Global electronics chaebol Samsung should immediately cease child labor abuses at its cell phone supplier factory in China, according to the nonprofit Green America, which urged concerned consumers to take action by signing a petition at http://www.greenamerica.org/samsung/.
The Green America petition comes in reaction to a report released late yesterday by the workers’ rights watchdog organization China Labor Watch (CLW), Another Samsung Supplier Exploiting Child Labor, in which underage workers were found to be working at Shinyang Electronic Co. Ltd. Shinyang is a South Korean-owned company, mainly producing the covers and other parts for Samsung cell phones. The report reveals that five children (under 16) were found to be working in this facility, as well as numerous minors (under 18). These young workers are subject to the same long hours as other workers, and compensated less. These children were also working the night shift, from 8:00 pm to 8:00 am, six to seven days a week.
Green America’s latest petition adds to a growing global movement for more responsibly-made electronics. In the past few months, more than 20,000 individuals have signed Green America’s petition to Apple calling on the company to “end smartphone sweatshops” by addressing worker health and safety risks.
“It’s criminal for Samsung to profit at the expense of children,” said Green America campaigns director Elizabeth O’Connell in a statement, “Samsung needs to take immediate action in this facility and others to ensure that children are removed from work and compensated appropriately. Additionally, Samsung must take action to address serious health and safety failings in its facilities.”
In Samsung’s most recent sustainability report the company said it inspected working conditions at 200 suppliers in 2013 and that “no instances of child labor were found.” The violations found in CLW’s report raise questions about the effectiveness and thoroughness of Samsung’s self-monitoring.
CLW’s Executive Director Li Qiang said in a statement, “Samsung’s social responsibility reports are just advertisement. Samsung has put its energy into audits and the production of these reports, but these things are meant to appease investors and don’t have any real value for workers. Samsung’s monitoring system is ineffective and has failed to bring about improvements for workers. What Samsung says is not important; what’s important is their actions.”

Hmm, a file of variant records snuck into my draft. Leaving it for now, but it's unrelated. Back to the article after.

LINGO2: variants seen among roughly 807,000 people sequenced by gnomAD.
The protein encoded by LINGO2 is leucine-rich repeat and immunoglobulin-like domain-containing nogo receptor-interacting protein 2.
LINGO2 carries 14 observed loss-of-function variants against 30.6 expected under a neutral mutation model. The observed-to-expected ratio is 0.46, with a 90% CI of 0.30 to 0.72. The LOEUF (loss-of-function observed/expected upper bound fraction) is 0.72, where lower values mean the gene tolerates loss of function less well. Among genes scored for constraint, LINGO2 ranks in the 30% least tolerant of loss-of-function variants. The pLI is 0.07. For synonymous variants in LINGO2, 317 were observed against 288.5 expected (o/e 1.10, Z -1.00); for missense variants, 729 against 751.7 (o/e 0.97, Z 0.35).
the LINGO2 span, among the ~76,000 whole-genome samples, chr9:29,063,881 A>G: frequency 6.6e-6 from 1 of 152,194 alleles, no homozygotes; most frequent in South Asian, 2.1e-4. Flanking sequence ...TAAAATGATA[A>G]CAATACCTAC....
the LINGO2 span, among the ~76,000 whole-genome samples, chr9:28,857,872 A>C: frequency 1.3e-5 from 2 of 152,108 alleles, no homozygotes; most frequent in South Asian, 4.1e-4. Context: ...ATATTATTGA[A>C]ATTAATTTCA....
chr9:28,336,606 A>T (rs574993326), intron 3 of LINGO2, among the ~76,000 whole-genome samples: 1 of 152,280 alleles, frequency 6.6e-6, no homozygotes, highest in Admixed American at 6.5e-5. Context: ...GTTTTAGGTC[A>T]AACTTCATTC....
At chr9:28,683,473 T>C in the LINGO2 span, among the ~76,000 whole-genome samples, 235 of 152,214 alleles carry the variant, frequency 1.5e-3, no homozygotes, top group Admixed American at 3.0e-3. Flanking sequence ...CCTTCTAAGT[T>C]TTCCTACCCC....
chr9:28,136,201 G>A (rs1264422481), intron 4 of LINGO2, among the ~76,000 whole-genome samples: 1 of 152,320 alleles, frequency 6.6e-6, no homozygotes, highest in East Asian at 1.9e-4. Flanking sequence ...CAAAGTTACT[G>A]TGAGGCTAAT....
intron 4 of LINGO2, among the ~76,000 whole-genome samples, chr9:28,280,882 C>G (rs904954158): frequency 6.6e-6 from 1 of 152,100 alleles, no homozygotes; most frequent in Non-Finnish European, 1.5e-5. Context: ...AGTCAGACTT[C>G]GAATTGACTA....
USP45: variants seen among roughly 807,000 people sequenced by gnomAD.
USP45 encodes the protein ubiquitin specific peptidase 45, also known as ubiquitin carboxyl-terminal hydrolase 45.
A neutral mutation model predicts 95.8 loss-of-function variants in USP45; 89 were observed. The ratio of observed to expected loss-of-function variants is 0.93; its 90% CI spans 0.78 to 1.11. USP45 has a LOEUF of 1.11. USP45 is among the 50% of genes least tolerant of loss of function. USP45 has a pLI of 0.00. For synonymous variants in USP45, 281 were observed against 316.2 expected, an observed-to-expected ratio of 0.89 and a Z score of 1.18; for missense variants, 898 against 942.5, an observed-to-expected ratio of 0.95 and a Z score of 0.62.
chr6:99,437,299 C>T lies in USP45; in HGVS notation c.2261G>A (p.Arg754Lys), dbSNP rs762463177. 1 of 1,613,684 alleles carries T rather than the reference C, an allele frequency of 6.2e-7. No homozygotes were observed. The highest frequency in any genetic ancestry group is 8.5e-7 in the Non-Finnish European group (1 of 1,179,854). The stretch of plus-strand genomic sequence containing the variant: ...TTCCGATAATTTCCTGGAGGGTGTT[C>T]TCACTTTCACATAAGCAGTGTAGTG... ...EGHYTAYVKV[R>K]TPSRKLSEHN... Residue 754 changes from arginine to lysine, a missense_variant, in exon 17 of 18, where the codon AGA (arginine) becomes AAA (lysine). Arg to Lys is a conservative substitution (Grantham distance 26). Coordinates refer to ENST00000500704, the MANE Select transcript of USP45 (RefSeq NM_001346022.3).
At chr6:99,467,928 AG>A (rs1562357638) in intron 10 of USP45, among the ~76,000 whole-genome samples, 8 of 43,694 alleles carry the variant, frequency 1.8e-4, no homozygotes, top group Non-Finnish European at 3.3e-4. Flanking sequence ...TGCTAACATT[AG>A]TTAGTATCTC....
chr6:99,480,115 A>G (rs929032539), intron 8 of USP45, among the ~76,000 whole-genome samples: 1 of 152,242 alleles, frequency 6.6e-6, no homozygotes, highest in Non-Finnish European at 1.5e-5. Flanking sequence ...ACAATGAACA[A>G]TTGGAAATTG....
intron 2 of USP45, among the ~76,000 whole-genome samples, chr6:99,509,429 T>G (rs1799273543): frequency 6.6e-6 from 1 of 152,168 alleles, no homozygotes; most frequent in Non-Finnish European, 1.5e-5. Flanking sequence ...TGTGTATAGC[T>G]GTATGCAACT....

Additional reports from Korea have indicated that more than 200 former Samsung workers suffer from grave illnesses, allegedly contracted while working in Samsung plants.
Samsung is most popular cell phone manufacturer in the world. In 2013, Samsung sold an estimated 550 million phones worldwide, or nearly twice as many phones as the US population.
Workers in Samsung’s facilities in China, Korea and elsewhere work long hours for little pay and often do not have adequate safety training or equipment to keep themselves safe on the job.
Additional findings in the report, Another Samsung Supplier Exploiting Child Labor, include:
• Shinyang employs child labor (under 16 years of age), in violation of China’s Labor Law. These child workers, without a labor contract, do the same work for the same long night-shift hours and at the same intensity as adult workers but are paid one-third less. Child laborers are only paid for 10 hours of work a day despite working for 11 hours.
• Shinyang employs many minors (under 18 years of age). These are typically students who enter the factory as temp workers.
• Workers do not receive any pre-job safety training in spite of the 24 hours required by China’s Provisions on Safety Training of Production and Operation Entities. This is despite coming in contact with harmful chemicals, such as industrial alcohol and thinners.
• Workers do not necessarily receive protective equipment, such as gloves or masks, from the factory, only receiving equipment after requesting for it.
• The factory employs hundreds of temporary workers who are paid a flat hourly rate, regardless of overtime hours worked, in violation of Chinese labor regulations.
• Workers are made to work 11 hours per day, as many as 30 days per month, accumulating more than 120 hours of overtime, more than three times in excess of China’s legal limit of 36 hours.
• In order to hide excessive overtime hours from inspection of documents, Shinyang lists the overtime pay for all overtime beyond 80 hours as “benefits” on workers’ pay stubs.
The full report can be read on China Labor Watch’s website: www.chinalaborwatch.org
These abuses are in violation of national laws, international labor law, and Samsung’s own Global Code of Conduct, which states that the company will treat workers in a fair and legal manner, will not endanger worker health and safety, and will not hire underage workers.
Consumers wishing to take action against Samsung can visit http://www.greenamerica.org/samsung/
Source: Green America